Texas Worker's Compensation Benefits
By Aaron Larson
Important Notice: The following overview of Texas's worker's compensation (workmans comp) benefits is presented on an as-is basis. This information is believed accurate as of the date of authorship, but is not intended to provide a complete analysis of available benefits and may not reflect subsequent changes in the law. For a full review of Texas's worker's compensation law, or for a determination of how the law applies to a specific worker, please consult a worker's compensation attorney licensed to practice in the state of Texas.
- Special Employment Situations
- Medical Benefits & Choice of Physician
- Disability Benefits Provided
- Death Benefits Provided
- Limits on Attorney Fees
Texas's system of worker's compensation (workman's comp) is elective, meaning that employers may choose between providing worker's compensation coverage or being subject to civil suit in the event of worker injury. Worker's compensation insurance may be provided through a competitive state fund, a private insurance carrier, or employers may self-insure. Waivers are not permitted.
Certain farm and ranch workers are subject to the Act's elective provisions. Employers may provide voluntary worker's compensation coverage for domestic servants.
Full medical benefits are provided to employees entitled to worker's compensation benefits, with no time or monetary limits. Initial choice of physician is made by the employee, from a list of physicians prepared by the Worker's Compensation Commission.
Payments are made for temporary total disability (TTD) in an amount determined by a percentage of the worker's wage, subject to weekly maximum and minimum payment amounts. Payments may continue for up to 104 weeks or the point of maximum medical improvement, whichever occurs sooner. The 104 week period may be extended if spinal surgery is involved.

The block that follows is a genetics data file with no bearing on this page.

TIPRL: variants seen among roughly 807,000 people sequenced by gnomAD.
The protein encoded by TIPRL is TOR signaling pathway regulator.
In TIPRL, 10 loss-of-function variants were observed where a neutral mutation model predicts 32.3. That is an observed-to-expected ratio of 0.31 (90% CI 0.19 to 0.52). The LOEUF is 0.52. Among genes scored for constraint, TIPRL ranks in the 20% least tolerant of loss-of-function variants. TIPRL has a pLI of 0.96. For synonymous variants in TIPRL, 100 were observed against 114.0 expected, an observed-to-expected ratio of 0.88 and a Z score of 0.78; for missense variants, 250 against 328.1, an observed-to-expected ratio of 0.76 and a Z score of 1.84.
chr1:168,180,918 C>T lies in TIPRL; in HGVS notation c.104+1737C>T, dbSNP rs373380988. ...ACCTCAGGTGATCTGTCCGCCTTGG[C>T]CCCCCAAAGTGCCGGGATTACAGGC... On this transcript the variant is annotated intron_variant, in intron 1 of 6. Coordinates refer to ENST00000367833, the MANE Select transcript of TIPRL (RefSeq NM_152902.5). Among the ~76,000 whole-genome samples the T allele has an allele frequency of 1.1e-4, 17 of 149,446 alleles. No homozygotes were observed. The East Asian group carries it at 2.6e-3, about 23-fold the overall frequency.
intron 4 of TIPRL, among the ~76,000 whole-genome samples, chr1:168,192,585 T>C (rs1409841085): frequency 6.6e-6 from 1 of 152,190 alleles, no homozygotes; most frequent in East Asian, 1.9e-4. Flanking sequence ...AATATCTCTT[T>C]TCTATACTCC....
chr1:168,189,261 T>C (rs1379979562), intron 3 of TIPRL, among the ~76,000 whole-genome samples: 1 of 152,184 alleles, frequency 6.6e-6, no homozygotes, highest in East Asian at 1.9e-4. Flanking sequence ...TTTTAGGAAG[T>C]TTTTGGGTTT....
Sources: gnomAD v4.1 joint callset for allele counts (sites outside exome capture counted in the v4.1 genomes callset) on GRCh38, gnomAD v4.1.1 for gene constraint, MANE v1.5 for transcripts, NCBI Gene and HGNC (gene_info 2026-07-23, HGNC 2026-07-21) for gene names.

Payments are made for permanent total disability (PTD) based upon a percentage of the worker's wage, subject to weekly minimum and maximum payment amounts. For injuries listed in the statute as constituting PDT, payments continue for life; otherwise payments for PTD continue for up to 401 weeks.
Payments for permanent partial disability (PPD) are made based upon a percentage of the worker's wage, subject to weekly minimum and maximum payment amounts. Payments for PPD may continue for up to 401 weeks.
Scheduled awards are paid in addition to total temporary disability benefits starting upon termination of the termination of the TTD benefits. Scheduled awards are reduced because of receipt of TTD benefits, by the number of weeks of TTD.
Benefits may be available for any disfigurement that will impair the future usefulness or occupational opportunities of the injured employee.
Physical and vocational rehabilitation benefits are available.
With certain constraints and filing deadlines, occupational hearing losses may be compensable.
Death benefits are payable to an employee's surviving spouse, or spouse and children, based upon a percentage of the employee's wages, subject to a cap. A minimum benefit is provided regardless of the employee's earnings. A burial allowance is available.
Attorney fees for claimants are limited by statute to 25%. In certain cases, the attorney fee may be added to the award.
Copyright © 2003-2011 Aaron Larson. All rights reserved. No portion of this article may be reproduced without the express written permission of the copyright holder. If you believe you may lawfully use a quotation, excerpt or paraphrase of this article under the Fair Use exception to copyright law, except as otherwise authorized by the author of the article, you must cite this article as a source for your work and include a link back to the original article from any online materials that incorporate or are derived from the content of this article.